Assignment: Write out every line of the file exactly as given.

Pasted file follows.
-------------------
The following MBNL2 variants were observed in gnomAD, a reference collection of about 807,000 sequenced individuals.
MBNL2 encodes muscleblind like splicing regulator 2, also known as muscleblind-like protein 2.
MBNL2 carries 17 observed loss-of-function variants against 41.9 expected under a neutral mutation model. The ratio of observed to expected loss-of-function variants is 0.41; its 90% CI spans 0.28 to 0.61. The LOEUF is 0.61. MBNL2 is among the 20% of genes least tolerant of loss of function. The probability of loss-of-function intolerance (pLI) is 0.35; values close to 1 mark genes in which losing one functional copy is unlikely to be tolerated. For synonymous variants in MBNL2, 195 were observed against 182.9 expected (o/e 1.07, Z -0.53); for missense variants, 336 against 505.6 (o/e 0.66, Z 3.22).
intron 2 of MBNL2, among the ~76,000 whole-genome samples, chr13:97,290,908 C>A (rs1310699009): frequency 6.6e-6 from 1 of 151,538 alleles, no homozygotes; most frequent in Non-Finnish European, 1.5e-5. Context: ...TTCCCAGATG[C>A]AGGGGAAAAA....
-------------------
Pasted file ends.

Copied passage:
The following MBNL2 variants were observed in gnomAD, a reference collection of about 807,000 sequenced individuals.
MBNL2 encodes muscleblind like splicing regulator 2, also known as muscleblind-like protein 2.
MBNL2 carries 17 observed loss-of-function variants against 41.9 expected under a neutral mutation model. The ratio of observed to expected loss-of-function variants is 0.41; its 90% CI spans 0.28 to 0.61. The LOEUF is 0.61. MBNL2 is among the 20% of genes least tolerant of loss of function. The probability of loss-of-function intolerance (pLI) is 0.35; values close to 1 mark genes in which losing one functional copy is unlikely to be tolerated. For synonymous variants in MBNL2, 195 were observed against 182.9 expected (o/e 1.07, Z -0.53); for missense variants, 336 against 505.6 (o/e 0.66, Z 3.22).
intron 2 of MBNL2, among the ~76,000 whole-genome samples, chr13:97,290,908 C>A (rs1310699009): frequency 6.6e-6 from 1 of 151,538 alleles, no homozygotes; most frequent in Non-Finnish European, 1.5e-5. Context: ...TTCCCAGATG[C>A]AGGGGAAAAA....